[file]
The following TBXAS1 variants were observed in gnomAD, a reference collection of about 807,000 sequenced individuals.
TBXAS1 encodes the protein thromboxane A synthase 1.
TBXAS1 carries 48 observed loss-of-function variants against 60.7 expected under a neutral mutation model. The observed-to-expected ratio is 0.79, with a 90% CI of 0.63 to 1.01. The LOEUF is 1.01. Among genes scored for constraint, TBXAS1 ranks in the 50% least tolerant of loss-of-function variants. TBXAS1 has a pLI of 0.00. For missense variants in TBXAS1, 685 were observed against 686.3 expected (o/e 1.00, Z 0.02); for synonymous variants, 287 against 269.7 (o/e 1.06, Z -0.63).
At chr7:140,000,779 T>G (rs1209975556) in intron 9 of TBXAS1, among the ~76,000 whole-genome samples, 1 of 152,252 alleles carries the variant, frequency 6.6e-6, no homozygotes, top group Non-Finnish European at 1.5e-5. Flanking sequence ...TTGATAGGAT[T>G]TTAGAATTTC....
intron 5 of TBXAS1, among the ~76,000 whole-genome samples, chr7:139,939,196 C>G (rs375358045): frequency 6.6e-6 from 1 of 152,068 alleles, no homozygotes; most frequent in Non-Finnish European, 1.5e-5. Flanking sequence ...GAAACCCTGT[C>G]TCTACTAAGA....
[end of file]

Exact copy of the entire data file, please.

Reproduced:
The following TBXAS1 variants were observed in gnomAD, a reference collection of about 807,000 sequenced individuals.
TBXAS1 encodes the protein thromboxane A synthase 1.
TBXAS1 carries 48 observed loss-of-function variants against 60.7 expected under a neutral mutation model. The observed-to-expected ratio is 0.79, with a 90% CI of 0.63 to 1.01. The LOEUF is 1.01. Among genes scored for constraint, TBXAS1 ranks in the 50% least tolerant of loss-of-function variants. TBXAS1 has a pLI of 0.00. For missense variants in TBXAS1, 685 were observed against 686.3 expected (o/e 1.00, Z 0.02); for synonymous variants, 287 against 269.7 (o/e 1.06, Z -0.63).
At chr7:140,000,779 T>G (rs1209975556) in intron 9 of TBXAS1, among the ~76,000 whole-genome samples, 1 of 152,252 alleles carries the variant, frequency 6.6e-6, no homozygotes, top group Non-Finnish European at 1.5e-5. Flanking sequence ...TTGATAGGAT[T>G]TTAGAATTTC....
intron 5 of TBXAS1, among the ~76,000 whole-genome samples, chr7:139,939,196 C>G (rs375358045): frequency 6.6e-6 from 1 of 152,068 alleles, no homozygotes; most frequent in Non-Finnish European, 1.5e-5. Flanking sequence ...GAAACCCTGT[C>G]TCTACTAAGA....